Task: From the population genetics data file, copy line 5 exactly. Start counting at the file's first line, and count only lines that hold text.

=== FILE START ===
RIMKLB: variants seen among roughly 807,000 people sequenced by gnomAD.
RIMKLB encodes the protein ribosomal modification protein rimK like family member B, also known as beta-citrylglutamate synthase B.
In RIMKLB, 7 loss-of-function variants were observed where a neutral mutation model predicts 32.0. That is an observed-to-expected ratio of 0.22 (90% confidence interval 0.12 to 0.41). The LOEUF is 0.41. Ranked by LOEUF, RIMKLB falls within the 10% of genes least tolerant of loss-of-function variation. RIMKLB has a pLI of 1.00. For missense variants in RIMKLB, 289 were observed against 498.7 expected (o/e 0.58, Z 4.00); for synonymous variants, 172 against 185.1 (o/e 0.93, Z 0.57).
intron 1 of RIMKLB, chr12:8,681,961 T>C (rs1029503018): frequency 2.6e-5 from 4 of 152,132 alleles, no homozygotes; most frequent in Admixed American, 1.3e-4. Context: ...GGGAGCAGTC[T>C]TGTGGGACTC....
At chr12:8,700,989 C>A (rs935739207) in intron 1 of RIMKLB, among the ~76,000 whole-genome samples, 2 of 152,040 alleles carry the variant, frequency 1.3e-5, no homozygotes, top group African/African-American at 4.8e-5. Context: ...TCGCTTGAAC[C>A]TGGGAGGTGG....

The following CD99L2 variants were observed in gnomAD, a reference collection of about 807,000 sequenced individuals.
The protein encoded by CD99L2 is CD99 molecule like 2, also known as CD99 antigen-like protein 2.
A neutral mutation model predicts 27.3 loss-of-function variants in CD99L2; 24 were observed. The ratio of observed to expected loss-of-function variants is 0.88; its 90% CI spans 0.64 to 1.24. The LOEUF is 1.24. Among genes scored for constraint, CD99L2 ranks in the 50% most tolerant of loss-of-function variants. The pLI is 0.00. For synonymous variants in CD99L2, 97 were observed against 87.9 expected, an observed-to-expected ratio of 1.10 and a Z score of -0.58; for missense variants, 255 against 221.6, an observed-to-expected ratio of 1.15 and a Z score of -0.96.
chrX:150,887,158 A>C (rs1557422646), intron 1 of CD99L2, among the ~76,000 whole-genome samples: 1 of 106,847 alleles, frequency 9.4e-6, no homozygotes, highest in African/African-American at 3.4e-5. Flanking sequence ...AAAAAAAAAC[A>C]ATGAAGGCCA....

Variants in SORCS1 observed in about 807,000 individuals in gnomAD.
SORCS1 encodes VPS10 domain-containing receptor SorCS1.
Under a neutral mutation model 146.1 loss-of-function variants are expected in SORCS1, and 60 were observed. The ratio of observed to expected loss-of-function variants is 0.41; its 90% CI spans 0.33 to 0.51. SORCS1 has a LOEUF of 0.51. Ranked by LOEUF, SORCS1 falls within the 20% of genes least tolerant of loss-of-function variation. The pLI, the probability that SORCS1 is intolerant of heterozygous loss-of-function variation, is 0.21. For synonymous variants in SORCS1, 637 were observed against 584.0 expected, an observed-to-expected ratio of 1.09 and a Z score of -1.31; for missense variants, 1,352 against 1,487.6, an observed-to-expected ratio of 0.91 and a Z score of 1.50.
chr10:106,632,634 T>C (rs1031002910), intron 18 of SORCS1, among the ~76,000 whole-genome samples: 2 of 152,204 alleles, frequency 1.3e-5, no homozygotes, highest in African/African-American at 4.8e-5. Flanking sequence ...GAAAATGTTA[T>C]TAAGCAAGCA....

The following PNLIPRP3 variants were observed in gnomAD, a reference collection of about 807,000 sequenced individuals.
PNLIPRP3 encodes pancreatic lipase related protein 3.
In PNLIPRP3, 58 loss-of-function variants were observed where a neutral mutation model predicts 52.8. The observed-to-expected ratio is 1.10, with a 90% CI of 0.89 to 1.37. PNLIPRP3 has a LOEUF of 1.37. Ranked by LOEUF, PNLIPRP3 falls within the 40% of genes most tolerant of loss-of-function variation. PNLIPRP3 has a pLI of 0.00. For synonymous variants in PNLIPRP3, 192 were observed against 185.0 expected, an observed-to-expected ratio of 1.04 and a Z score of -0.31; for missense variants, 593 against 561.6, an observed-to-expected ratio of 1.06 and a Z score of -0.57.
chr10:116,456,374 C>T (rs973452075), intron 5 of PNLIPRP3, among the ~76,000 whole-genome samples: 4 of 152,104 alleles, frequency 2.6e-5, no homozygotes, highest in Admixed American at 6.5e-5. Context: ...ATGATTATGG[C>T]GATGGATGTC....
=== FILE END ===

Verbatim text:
At chr12:8,700,989 C>A (rs935739207) in intron 1 of RIMKLB, among the ~76,000 whole-genome samples, 2 of 152,040 alleles carry the variant, frequency 1.3e-5, no homozygotes, top group African/African-American at 4.8e-5. Context: ...TCGCTTGAAC[C>A]TGGGAGGTGG....